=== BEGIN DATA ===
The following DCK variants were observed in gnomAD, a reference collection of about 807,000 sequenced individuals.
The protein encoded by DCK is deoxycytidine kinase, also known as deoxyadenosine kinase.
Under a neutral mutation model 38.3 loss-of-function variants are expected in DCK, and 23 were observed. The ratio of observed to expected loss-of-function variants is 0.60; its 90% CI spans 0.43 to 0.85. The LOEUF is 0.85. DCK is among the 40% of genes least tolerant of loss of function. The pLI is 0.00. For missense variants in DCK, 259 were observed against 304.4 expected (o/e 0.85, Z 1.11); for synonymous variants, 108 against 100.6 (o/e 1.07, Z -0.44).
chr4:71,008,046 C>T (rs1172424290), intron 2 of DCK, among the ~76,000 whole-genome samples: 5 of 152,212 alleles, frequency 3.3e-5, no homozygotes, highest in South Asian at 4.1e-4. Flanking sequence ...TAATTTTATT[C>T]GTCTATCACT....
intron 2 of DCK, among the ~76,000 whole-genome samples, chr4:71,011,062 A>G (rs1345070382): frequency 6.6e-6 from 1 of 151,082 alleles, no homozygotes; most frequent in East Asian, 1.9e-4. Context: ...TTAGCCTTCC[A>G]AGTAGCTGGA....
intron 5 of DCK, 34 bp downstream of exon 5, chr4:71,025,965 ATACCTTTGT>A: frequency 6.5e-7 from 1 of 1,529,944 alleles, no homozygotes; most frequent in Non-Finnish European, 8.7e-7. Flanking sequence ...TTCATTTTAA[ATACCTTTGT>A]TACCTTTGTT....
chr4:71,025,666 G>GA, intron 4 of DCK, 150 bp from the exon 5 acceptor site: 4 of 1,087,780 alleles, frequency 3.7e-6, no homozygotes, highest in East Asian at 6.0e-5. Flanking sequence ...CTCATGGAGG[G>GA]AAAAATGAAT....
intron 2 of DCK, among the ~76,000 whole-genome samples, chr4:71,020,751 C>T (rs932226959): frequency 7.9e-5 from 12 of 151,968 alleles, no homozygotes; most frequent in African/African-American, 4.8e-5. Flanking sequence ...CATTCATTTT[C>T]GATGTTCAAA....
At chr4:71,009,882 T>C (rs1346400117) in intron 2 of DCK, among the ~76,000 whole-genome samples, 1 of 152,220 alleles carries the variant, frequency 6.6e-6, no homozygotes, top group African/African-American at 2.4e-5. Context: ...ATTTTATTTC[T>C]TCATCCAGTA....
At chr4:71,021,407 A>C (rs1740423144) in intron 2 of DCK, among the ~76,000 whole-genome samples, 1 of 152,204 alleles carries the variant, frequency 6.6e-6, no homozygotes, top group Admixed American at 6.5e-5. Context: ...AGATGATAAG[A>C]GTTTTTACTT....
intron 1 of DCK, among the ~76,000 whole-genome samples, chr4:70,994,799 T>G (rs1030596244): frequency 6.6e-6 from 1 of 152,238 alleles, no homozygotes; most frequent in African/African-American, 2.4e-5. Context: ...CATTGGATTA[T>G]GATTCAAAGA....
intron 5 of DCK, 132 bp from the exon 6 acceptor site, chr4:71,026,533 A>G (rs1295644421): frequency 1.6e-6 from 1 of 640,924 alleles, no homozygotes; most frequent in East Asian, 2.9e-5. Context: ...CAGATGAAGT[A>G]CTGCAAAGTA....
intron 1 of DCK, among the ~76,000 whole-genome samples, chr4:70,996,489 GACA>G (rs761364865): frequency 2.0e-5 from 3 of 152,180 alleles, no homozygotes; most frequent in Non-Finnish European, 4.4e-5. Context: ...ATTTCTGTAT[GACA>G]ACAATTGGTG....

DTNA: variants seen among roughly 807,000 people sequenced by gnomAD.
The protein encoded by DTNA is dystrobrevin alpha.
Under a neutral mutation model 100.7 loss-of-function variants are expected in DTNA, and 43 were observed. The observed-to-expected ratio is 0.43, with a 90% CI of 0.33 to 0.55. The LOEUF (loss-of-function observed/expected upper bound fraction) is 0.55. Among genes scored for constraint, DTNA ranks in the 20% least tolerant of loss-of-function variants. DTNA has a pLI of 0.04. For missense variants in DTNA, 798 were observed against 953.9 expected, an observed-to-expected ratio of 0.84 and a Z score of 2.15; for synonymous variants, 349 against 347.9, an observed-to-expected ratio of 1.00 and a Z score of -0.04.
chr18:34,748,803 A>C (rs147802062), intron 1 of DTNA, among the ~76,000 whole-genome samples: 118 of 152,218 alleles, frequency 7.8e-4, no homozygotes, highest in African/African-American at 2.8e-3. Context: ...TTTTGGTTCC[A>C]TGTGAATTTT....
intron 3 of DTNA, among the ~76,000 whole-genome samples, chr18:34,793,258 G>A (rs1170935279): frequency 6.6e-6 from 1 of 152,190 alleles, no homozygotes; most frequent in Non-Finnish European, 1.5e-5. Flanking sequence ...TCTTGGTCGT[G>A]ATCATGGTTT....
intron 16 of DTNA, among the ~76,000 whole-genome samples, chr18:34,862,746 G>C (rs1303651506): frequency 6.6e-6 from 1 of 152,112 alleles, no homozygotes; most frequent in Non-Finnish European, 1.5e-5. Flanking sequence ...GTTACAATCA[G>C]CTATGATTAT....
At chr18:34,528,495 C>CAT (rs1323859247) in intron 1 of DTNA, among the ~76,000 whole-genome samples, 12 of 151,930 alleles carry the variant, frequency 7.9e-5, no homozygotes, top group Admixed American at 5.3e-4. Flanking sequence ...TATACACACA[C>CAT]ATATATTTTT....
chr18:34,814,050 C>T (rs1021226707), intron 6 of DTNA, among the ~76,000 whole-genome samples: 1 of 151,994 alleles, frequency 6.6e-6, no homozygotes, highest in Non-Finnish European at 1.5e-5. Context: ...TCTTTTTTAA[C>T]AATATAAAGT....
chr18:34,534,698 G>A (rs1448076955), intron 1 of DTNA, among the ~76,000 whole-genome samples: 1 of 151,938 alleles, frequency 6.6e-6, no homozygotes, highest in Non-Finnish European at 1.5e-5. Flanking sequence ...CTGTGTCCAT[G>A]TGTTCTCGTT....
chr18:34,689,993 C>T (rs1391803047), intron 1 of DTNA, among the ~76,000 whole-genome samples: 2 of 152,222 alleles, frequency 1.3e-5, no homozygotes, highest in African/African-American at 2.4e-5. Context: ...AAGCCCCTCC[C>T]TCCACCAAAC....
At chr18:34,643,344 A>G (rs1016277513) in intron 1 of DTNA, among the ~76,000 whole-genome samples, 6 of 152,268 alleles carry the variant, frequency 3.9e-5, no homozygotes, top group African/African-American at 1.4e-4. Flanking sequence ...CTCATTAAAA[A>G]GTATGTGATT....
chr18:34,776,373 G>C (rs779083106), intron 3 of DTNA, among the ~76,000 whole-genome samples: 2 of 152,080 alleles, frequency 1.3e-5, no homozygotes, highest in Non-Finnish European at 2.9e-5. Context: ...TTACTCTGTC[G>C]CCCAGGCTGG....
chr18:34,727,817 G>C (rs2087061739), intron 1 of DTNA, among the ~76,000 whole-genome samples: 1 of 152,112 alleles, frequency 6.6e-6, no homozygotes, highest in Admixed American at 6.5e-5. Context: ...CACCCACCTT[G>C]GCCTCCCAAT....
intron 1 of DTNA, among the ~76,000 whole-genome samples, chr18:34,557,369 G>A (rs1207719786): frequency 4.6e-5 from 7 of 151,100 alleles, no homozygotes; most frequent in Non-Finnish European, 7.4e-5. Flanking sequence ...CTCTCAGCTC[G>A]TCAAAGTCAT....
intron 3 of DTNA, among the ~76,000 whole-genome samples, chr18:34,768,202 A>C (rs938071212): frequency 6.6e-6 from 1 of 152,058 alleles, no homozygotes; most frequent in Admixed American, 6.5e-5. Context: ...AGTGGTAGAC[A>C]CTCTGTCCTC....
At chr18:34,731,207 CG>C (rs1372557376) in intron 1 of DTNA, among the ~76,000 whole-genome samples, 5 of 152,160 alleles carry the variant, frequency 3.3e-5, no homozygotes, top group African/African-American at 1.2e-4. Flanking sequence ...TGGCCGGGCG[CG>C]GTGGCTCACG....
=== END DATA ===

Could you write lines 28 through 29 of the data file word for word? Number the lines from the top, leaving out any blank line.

intron 3 of DTNA, among the ~76,000 whole-genome samples, chr18:34,768,202 A>C (rs938071212): frequency 6.6e-6 from 1 of 152,058 alleles, no homozygotes; most frequent in Admixed American, 6.5e-5. Context: ...AGTGGTAGAC[A>C]CTCTGTCCTC....
At chr18:34,731,207 CG>C (rs1372557376) in intron 1 of DTNA, among the ~76,000 whole-genome samples, 5 of 152,160 alleles carry the variant, frequency 3.3e-5, no homozygotes, top group African/African-American at 1.2e-4. Flanking sequence ...TGGCCGGGCG[CG>C]GTGGCTCACG....